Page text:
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Liverpool John Moores University (2014)

Determinants of Electricity Demand in Libya : An Empirical Study for the Period 1980-2010

El sahati, KA

Titre : Determinants of Electricity Demand in Libya : An Empirical Study for the Period 1980-2010

Auteur : El sahati, KA

Université de soutenance : Liverpool John Moores University.

Grade : Doctor of Philosophy (PhD) 2014

Résumé partiel
Energy is one of the main and most important elements for achieving social and economic development throughout the world. Electricity is one of the most essential sources of energy. The importance stems from the role of electric power in fulfilling the main consumption needs for basic energy as one of the inputs to the production process. To date, the focus of the research in the field of the demand for electricity has been mainly on developed economies. Adding to the few studies carried out in the developing economies, this study has investigated the issue in the Libyan context.

This study aimed to analyse and identify the determinants or factors affecting the demand for electricity in Libya during the period 1980-2010. The study focused on the use of ordinary least square techniques, test for co-integration and Granger Causality in constructing an empirical model of the demand function for electricity. Furthermore, there was a discussion on the external and internal determinants of projects that produce electricity in Libya as examined and analysed through a questionnaire and case study method. It also adopted a validation process achieved through focus group discussion to discuss and validate the proposed framework for the organisation of electricity.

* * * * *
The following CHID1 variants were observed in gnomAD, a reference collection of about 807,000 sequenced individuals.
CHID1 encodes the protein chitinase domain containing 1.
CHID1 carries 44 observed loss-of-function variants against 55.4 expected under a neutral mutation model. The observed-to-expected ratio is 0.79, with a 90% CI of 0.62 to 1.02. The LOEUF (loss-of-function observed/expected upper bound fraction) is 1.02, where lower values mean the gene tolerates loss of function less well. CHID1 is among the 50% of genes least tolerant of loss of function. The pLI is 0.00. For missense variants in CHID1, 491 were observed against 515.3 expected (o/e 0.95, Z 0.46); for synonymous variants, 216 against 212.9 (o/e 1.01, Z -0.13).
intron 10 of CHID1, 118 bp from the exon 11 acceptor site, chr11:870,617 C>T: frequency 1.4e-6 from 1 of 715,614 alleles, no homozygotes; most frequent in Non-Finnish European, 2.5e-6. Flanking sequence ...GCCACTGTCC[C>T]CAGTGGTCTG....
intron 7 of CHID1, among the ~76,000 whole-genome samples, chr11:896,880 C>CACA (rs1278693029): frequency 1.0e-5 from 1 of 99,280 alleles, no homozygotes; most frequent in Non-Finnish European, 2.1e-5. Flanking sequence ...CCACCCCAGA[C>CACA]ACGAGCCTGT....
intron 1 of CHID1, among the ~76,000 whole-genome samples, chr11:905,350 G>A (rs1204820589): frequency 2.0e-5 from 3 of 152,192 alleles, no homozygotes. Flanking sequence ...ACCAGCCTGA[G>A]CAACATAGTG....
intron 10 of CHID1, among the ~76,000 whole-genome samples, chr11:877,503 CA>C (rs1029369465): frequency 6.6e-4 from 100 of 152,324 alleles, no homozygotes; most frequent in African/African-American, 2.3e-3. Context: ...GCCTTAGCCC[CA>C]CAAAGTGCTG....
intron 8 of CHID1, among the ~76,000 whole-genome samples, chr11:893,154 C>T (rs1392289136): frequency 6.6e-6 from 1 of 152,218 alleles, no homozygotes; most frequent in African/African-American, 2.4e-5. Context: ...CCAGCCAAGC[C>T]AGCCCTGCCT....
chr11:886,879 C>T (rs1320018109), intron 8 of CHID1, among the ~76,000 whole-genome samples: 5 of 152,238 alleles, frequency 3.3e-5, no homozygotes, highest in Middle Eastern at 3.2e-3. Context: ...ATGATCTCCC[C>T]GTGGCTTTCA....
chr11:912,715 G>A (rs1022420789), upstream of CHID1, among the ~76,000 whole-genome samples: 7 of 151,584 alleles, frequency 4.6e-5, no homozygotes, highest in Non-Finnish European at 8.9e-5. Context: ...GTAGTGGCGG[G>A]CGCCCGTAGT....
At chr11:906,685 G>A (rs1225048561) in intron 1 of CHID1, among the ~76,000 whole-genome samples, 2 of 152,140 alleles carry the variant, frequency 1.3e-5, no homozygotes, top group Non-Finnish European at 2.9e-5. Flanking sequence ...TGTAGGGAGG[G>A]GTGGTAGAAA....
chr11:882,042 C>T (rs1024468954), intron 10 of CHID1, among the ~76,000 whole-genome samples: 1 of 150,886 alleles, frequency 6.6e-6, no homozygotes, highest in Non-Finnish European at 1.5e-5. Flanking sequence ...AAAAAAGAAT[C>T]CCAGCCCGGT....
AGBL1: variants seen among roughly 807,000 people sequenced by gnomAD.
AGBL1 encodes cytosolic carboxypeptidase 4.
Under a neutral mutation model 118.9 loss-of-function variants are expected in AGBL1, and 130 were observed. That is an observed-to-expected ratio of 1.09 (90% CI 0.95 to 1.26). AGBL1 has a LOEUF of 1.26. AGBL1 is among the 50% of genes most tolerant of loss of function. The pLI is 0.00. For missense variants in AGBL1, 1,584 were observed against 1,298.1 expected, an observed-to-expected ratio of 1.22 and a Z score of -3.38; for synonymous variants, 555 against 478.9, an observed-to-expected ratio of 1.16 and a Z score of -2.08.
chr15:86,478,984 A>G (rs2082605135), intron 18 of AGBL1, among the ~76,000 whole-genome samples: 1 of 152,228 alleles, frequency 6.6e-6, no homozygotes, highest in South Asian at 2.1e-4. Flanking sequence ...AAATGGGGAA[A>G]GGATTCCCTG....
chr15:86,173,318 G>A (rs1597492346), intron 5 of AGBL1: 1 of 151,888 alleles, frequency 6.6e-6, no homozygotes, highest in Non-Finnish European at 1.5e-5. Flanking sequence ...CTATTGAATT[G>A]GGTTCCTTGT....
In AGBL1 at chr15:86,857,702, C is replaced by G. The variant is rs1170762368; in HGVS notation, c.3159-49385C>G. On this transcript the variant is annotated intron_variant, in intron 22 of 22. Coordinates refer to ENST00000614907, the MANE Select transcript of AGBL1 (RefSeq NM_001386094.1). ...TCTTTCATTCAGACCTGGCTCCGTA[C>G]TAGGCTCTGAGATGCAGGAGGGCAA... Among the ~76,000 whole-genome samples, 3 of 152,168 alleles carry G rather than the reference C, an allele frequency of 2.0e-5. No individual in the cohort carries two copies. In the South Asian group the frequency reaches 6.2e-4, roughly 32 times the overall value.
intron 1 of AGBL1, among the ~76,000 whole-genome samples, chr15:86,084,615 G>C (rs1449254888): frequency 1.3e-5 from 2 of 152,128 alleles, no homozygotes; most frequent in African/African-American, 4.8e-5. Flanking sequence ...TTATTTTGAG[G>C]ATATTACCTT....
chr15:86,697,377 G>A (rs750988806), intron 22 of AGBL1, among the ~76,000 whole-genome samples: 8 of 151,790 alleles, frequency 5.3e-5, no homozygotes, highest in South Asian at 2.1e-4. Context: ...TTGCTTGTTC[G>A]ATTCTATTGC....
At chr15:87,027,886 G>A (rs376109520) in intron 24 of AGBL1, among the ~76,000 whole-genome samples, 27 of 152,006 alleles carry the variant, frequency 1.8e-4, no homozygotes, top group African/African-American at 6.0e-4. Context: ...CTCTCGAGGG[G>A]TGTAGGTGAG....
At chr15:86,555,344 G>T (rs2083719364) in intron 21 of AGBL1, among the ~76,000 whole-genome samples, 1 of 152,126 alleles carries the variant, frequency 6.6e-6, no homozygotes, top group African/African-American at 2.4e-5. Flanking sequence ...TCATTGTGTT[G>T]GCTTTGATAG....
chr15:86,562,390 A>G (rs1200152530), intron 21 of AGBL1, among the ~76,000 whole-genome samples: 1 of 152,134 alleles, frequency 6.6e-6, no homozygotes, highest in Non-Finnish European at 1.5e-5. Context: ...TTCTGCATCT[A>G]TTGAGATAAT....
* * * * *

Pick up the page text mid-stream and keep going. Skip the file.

The regressions results showed that the variables the average real price of electricity demand, the real value of the imported electrical appliances, GDP, population, the temperature difference and the lagged electricity demand explained 99 per cent of the total variation in electricity demand. The price elasticity of demand and income elasticity of demand are inelastic, that means that the Libyan economy now consumes the highest amount of electricity, and electric energy in Libya is a real necessity. Noting that the price elasticity of demand and income elasticity of demand in the long run are greater than elasticities in the short run, this means that these variables have a significant impact on the long term. According to the proposed model, the average price of electricity and the population are significant determinants of electricity demand, therefore, it implies that individuals are likely to demand electricity when the prices of electric are low, this result is confirmed from the Granger Causality results, in which it was established that a bilateral causality also exists from real values of imported electrical appliances to electricity demand and from population to electricity demand.

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